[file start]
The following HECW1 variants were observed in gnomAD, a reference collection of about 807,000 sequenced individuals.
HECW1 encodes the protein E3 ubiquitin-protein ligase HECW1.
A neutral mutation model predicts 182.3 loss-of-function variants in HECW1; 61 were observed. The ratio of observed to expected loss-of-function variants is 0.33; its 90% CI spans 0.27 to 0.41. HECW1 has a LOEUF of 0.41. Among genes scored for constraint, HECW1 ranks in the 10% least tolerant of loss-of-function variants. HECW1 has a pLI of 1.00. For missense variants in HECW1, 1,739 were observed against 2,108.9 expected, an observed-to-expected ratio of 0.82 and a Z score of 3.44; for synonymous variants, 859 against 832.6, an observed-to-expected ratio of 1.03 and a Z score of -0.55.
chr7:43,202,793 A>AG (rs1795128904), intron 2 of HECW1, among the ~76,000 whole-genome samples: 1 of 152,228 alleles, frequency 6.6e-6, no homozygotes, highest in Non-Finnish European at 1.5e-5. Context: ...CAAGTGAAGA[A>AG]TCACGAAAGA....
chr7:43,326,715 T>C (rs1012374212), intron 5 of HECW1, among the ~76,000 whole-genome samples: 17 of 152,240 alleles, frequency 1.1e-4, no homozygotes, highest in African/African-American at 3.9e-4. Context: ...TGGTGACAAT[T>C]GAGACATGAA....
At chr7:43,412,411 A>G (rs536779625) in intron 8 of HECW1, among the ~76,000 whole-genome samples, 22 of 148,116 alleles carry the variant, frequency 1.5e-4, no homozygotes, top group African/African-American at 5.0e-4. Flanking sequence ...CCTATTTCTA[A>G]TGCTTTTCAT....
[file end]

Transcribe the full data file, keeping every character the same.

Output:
The following HECW1 variants were observed in gnomAD, a reference collection of about 807,000 sequenced individuals.
HECW1 encodes the protein E3 ubiquitin-protein ligase HECW1.
A neutral mutation model predicts 182.3 loss-of-function variants in HECW1; 61 were observed. The ratio of observed to expected loss-of-function variants is 0.33; its 90% CI spans 0.27 to 0.41. HECW1 has a LOEUF of 0.41. Among genes scored for constraint, HECW1 ranks in the 10% least tolerant of loss-of-function variants. HECW1 has a pLI of 1.00. For missense variants in HECW1, 1,739 were observed against 2,108.9 expected, an observed-to-expected ratio of 0.82 and a Z score of 3.44; for synonymous variants, 859 against 832.6, an observed-to-expected ratio of 1.03 and a Z score of -0.55.
chr7:43,202,793 A>AG (rs1795128904), intron 2 of HECW1, among the ~76,000 whole-genome samples: 1 of 152,228 alleles, frequency 6.6e-6, no homozygotes, highest in Non-Finnish European at 1.5e-5. Context: ...CAAGTGAAGA[A>AG]TCACGAAAGA....
chr7:43,326,715 T>C (rs1012374212), intron 5 of HECW1, among the ~76,000 whole-genome samples: 17 of 152,240 alleles, frequency 1.1e-4, no homozygotes, highest in African/African-American at 3.9e-4. Context: ...TGGTGACAAT[T>C]GAGACATGAA....
At chr7:43,412,411 A>G (rs536779625) in intron 8 of HECW1, among the ~76,000 whole-genome samples, 22 of 148,116 alleles carry the variant, frequency 1.5e-4, no homozygotes, top group African/African-American at 5.0e-4. Flanking sequence ...CCTATTTCTA[A>G]TGCTTTTCAT....